Beaumont Tashjian Law Blog

Wednesday, September 9, 2020

COVID-19: What is Next?

In a post-pandemic world, your community association has likely made significant and sudden changes to its operations and protocols. Since March, boards and managers have been tasked with responding to the novel coronavirus (COVID-19) and implementing new procedures, transitioning to virtual meetings, closing or restricting common areas, etc., as state and local health officials continue to revise/update their guidance and mandates, based upon best available information. 

Almost six months after Governor Newsom first declared a state of emergency, what have we learned, and how should your community be responding moving forward? Depending on the location of your community and its unique facets, such as size, demographics, budget, staff and range of common area amenities, the answer to this question will certainly vary.

First, read your local jurisdiction’s health department’s orders. Most, if not all counties, will have issued “reopening protocols” or other mandates that may or may not apply to shared residential facilities (swimming pools, fitness centers, parks, etc.). If your county health department has not specifically issued guidance for shared residential facilities or homeowners associations, it may be prudent to consult with legal counsel to determine what, if any, mandates could apply to your community or would create a risk of liability if not followed. 

Even jurisdictions which have in fact issued guidance for homeowners associations, the language may not be consistent or abundantly obvious. For example, Los Angeles County’s Department of Public Health has issued its Order, “Reopening Safer at Work and in the Community for Control of COVID-19,” which discusses protocols for reopening swimming pools in “shared residential facilities,” but it does not discuss how community leaders should be tasked with controlling or managing risk in other common facilities (i.e., fitness centers, clubhouses, parks, greenbelts, tennis courts, etc.). It also does not specifically address how to proceed with association board meetings (whether in person or via video conference).

For these issues not specifically addressed by the county, community leaders may need to extrapolate and get creative. For instance, as stated above, Los Angeles County’s Order does not address how to proceed with association board meetings, but it does provide that businesses in general can proceed with operations vis-à-vis remote meetings/communications. Of course, social distancing (i.e., maintaining a physical distance of six feet or more with other non-household members) is still recommended by the Centers for Disease Control and Prevention and the State. So the argument can be made that meeting in person is doable, if social distancing can be ensured.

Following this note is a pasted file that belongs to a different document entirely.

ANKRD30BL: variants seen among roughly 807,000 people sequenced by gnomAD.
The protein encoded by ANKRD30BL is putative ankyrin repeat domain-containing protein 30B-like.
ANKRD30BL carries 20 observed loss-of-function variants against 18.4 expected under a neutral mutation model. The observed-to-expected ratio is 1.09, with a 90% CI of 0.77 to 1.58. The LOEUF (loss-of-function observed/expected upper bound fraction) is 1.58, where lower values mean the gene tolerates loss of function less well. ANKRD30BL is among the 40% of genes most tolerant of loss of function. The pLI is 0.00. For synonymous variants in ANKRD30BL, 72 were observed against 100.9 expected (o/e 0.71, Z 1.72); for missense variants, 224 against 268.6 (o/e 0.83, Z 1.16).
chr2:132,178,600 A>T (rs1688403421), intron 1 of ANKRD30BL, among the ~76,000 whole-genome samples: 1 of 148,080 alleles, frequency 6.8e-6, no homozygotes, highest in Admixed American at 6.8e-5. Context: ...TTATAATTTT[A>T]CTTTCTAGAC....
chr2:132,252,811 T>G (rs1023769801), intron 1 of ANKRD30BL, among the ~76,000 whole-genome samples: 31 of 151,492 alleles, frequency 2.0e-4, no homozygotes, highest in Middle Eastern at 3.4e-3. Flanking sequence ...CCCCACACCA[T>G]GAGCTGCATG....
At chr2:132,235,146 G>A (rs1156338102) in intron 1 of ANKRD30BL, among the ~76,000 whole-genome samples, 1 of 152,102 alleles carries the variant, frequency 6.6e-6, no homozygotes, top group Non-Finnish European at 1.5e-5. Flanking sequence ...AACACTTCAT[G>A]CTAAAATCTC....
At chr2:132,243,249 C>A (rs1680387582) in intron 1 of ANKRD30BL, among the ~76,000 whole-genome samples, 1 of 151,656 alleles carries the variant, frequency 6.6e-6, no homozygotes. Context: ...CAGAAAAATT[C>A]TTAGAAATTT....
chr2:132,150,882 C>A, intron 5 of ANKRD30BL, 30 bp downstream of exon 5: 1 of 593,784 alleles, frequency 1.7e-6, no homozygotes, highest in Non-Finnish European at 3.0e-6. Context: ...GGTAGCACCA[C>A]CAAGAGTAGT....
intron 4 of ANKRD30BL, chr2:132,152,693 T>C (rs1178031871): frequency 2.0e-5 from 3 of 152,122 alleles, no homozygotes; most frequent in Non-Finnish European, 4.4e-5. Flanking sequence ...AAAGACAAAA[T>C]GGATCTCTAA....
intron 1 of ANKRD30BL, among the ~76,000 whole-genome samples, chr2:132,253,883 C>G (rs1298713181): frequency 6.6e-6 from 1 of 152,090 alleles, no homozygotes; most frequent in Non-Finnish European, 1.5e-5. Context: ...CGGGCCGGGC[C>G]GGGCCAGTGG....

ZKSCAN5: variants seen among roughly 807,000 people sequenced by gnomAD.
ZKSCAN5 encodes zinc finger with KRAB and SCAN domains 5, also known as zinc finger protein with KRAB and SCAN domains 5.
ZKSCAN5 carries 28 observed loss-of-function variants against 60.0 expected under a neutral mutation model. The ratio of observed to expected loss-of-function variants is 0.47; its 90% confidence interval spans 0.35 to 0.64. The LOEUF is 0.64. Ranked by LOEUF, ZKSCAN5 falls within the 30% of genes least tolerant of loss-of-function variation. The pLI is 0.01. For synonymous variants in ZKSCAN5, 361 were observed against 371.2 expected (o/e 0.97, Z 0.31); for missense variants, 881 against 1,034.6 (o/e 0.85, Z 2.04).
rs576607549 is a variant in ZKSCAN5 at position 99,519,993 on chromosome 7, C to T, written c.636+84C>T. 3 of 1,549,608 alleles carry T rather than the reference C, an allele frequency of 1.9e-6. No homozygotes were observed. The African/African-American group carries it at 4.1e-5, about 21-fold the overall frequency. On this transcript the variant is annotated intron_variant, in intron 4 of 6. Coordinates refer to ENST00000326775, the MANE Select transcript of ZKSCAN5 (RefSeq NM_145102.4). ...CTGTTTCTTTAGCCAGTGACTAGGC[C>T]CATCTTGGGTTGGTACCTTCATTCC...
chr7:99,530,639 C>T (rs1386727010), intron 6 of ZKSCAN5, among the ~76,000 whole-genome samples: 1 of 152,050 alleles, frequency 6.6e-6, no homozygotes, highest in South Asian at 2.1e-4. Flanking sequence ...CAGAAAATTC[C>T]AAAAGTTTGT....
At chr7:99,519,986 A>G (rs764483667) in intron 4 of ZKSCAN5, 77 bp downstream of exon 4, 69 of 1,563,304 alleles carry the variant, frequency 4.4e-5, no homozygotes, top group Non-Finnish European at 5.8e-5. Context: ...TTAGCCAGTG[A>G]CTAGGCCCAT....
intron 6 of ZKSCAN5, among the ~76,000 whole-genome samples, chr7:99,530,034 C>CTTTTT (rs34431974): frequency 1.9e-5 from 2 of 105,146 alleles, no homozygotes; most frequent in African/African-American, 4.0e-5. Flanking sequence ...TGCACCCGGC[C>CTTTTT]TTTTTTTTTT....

Indoor fitness centers may or may not need to remain closed, depending on your local orders as well. Los Angeles County continues to mandate their closure, though the Order does not specify or single out shared residential fitness centers. Whether or not to consider your fitness center subject to the Order and to decide to keep it closed will depend on your community. Is the fitness center regularly used and crowded? Is the association able to implement a reservation protocol wherein its capacity would be limited to one household at a time? Would a monitored reservation system be feasible based upon the association’s budget and logistics? 

These are all issues that should be ironed out with your association’s legal counsel, as the COVID-19 research and county orders based on said research are continuing to evolve. When in doubt, at this time, it is best to err to the side of caution by proceeding with video conference meetings and considering your common area facilities subject to your county’s health orders. If facilities are being reopened (based upon county orders or legal counsel’s advice), appropriate waivers should be implemented and signed by residents who wish to use these facilities. 

In all instances, wearing a facial covering while traveling through common areas is required, as this is an order from the State level. To help create consistency in responding to the current pandemic (or future pandemics), as county orders continue to change, boards should implement a pandemic response policy or adopt protocols and rules which give homeowners and residents advanced notice of how their membership privileges may be impacted by these unprecedented events. 


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